Erroneous quadruped walking depictions in natural history museums

Gábor Horváth, Adelinda Csapó, Annamária Nyeste, Balázs Gerics, Gábor Csorba, György Kriska

Research output: Contribution to journalLetter

6 Citations (Scopus)


Since the work of the photographer Eadweard Muybridge in the 1880s [1,2], experts know well how quadruped animals walk. All walking tetrapods advance their legs in the same sequence, and only the timing of supporting feet may differ [3-6]. Given the long time since Muybridge's work, one would assume that this knowledge should be reflected in the depictions of walking quadrupeds made by work of painters, taxidermists, anatomists and toy designers. The postures of legs of walking horses, however, are frequently erroneously illustrated in the fine arts [7]. To see if this also applies to museums, veterinary books and toy shops, we collected hundreds of walking depictions and tested whether or not they correctly display limb positions. We found that almost half of the depictions are wrong. This high error rate in walking illustrations in natural history museums and veterinary anatomy books is particularly unexpected in a time where high-speed cameras and the internet offer ideal possibilities to obtain reliable quantitative information about tetrapod walking.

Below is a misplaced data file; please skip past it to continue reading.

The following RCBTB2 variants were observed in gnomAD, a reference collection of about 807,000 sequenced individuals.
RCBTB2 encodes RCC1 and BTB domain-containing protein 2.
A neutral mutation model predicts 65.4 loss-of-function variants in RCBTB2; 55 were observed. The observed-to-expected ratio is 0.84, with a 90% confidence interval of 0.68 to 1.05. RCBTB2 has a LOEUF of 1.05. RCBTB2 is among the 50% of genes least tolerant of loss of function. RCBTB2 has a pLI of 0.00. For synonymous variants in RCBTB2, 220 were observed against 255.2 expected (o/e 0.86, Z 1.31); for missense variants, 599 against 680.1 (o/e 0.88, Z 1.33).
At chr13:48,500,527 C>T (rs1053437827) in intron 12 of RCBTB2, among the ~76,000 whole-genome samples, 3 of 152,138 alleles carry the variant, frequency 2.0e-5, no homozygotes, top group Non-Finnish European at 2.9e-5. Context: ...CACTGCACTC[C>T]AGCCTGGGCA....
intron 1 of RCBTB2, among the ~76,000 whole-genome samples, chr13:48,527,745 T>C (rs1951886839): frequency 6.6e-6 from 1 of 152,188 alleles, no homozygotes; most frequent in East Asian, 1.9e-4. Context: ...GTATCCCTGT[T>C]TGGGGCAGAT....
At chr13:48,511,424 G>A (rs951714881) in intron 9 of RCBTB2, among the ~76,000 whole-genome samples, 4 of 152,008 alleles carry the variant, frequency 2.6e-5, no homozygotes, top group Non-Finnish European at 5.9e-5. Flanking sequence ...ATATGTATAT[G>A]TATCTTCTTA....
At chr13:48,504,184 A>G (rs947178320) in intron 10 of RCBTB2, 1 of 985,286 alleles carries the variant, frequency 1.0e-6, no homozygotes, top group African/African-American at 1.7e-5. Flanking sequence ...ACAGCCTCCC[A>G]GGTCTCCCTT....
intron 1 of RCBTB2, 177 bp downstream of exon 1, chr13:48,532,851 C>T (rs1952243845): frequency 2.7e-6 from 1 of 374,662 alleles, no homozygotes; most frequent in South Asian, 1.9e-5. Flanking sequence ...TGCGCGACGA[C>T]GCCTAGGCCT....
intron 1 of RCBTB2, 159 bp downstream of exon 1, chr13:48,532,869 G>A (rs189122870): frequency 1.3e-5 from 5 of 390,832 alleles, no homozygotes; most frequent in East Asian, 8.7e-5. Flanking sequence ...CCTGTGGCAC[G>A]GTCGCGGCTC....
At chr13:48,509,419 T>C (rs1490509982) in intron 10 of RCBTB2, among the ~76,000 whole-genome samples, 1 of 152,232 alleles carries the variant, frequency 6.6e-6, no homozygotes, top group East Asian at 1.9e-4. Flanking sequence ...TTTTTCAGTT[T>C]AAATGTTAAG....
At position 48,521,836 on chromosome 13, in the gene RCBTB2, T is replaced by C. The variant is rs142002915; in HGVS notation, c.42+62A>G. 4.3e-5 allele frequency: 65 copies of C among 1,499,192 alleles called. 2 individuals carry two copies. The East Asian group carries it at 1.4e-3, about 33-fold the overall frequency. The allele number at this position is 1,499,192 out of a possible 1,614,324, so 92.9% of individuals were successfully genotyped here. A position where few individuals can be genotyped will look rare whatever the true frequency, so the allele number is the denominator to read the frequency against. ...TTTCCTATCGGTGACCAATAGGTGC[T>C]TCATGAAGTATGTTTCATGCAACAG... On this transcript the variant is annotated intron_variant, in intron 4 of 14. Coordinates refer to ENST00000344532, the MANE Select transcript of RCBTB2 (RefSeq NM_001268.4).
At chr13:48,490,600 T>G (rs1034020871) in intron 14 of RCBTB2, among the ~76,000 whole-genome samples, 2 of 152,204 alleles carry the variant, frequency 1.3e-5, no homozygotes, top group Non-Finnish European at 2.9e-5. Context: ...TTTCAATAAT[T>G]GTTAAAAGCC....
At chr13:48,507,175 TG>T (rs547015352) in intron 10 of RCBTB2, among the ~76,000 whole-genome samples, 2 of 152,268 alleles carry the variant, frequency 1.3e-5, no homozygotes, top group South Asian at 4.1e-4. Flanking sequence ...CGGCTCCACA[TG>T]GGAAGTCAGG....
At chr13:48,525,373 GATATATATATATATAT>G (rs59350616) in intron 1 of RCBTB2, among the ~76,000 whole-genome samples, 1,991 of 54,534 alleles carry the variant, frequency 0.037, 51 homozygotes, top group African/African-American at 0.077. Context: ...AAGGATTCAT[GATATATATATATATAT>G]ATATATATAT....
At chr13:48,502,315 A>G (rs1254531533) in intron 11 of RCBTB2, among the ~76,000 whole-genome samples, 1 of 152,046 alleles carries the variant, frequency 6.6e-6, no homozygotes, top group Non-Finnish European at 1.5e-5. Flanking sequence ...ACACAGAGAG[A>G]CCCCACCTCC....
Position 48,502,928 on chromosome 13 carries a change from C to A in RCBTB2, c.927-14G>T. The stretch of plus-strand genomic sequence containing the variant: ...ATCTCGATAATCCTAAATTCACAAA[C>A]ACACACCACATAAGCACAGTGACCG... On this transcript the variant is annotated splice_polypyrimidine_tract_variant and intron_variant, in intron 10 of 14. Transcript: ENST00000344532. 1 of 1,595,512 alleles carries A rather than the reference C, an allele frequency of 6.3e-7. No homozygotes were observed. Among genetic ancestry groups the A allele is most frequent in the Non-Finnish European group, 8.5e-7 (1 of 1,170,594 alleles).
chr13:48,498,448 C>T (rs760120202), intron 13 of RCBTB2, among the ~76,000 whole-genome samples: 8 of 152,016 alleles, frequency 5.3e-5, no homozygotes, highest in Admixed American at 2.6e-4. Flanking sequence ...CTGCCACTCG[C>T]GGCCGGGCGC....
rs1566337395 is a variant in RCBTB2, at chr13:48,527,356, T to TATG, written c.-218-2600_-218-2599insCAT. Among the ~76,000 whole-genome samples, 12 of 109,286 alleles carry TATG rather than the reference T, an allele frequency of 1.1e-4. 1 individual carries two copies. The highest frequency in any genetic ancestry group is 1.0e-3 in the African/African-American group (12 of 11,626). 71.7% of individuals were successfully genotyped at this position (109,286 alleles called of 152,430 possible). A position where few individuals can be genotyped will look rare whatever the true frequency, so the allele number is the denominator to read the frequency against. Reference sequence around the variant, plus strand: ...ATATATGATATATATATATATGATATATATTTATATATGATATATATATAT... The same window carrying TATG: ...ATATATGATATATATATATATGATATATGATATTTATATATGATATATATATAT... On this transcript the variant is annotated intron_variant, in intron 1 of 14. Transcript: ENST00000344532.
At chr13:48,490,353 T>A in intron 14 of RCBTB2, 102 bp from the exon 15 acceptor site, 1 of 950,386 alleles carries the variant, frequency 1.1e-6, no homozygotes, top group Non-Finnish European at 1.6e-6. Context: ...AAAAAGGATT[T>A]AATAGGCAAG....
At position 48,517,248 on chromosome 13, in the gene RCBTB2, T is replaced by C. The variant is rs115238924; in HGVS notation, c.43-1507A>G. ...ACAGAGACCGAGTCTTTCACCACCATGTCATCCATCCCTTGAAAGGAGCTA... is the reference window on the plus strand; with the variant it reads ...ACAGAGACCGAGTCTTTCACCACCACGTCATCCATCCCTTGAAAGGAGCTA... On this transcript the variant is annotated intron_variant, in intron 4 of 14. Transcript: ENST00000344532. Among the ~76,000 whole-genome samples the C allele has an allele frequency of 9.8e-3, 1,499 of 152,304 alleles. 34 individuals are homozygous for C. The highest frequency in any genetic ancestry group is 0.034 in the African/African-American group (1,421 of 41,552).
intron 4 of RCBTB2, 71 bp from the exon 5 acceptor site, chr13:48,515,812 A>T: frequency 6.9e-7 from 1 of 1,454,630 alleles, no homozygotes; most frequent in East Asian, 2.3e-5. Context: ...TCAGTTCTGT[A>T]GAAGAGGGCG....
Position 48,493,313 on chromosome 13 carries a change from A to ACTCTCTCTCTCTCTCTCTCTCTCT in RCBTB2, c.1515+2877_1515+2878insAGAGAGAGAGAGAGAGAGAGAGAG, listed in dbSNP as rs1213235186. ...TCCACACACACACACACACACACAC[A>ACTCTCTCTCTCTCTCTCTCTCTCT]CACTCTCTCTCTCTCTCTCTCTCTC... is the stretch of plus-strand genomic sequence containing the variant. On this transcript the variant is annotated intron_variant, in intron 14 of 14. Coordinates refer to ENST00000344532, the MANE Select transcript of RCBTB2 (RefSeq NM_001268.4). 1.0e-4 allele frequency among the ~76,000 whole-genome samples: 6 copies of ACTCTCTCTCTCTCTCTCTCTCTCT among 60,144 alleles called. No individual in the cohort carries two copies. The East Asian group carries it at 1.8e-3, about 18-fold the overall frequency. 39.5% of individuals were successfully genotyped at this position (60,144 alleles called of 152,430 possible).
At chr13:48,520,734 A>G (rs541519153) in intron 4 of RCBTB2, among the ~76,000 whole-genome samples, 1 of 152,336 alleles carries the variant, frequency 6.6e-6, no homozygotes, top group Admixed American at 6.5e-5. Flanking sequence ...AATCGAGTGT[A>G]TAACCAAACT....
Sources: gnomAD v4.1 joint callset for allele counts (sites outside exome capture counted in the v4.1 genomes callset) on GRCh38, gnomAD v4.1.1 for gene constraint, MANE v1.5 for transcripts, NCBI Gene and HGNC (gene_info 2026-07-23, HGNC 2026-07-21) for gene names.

Original languageEnglish
Pages (from-to)R61-R62
JournalCurrent Biology
Issue number2
Publication statusPublished - Jan 27 2009


ASJC Scopus subject areas

  • Biochemistry, Genetics and Molecular Biology(all)
  • Agricultural and Biological Sciences(all)

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